The attack on Pearl Harbor , or Hawaii Operation, as called by the Japanese Imperial General HQ, was a surprise military strike conducted by the Japanese navy against the United States naval base at Pearl Harbor, Hawaii on the morning of Sunday, December 7, 1941, later resulting in the US becoming involved in World War II. It was intended as a preventive action to keep the U.S. Pacific Fleet from influencing the war Japan was planning to wage in Southeast Asia.
The attack sank four U.S. Navy battleships (two of which were raised and returned to service late in the war) and damaged four more. The Japanese also sank or damaged three cruisers, three destroyers, and one minelayer, destroyed 188 aircraft, and caused personnel losses of 2,402 killed and 1,282 wounded.
The power station, shipyard, maintenance, and fuel and torpedo storage facilities, as well as the submarine piers and headquarters building (also home of the intelligence section) were not hit. Japanese losses were minimal, at 29 aircraft and five midget submarines, with 65 servicemen killed or wounded.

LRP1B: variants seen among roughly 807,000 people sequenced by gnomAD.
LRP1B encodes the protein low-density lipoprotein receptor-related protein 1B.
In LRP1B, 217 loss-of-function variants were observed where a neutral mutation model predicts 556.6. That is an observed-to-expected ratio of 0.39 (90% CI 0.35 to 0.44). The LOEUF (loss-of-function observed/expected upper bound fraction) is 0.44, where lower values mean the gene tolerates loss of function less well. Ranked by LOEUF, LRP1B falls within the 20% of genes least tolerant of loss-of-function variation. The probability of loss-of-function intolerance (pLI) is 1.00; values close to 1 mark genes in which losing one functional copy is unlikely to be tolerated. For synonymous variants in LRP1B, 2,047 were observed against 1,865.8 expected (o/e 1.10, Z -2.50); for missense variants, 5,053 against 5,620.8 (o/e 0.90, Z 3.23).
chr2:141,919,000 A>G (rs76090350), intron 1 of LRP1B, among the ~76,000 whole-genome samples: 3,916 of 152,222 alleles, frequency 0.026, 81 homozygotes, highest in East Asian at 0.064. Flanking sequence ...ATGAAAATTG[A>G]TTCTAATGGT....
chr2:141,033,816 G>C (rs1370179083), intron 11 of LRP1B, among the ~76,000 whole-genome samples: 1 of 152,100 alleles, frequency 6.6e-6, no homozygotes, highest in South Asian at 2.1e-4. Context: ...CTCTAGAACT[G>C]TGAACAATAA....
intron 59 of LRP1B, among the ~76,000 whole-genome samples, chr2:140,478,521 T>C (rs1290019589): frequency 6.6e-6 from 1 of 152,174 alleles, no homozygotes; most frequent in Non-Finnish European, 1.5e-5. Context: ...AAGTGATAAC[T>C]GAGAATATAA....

67 years ago today life in the United States was changed forever when an early dawn sneak attack by Japanese planes on our naval base at Pearl Harbor, Hawaii. 21 ships and 188 aircraft were destroyed, and 2,402 military personnel.
President Franklin D. Roosevelt, the next day before a joint session of Congress, called December 7, 1941 "a day that will live in infamy."
December 7, 1941 will forever be a day that will be remembered with incredible sadness in American history, along with September 11, 2001, the course of American history has changed forever.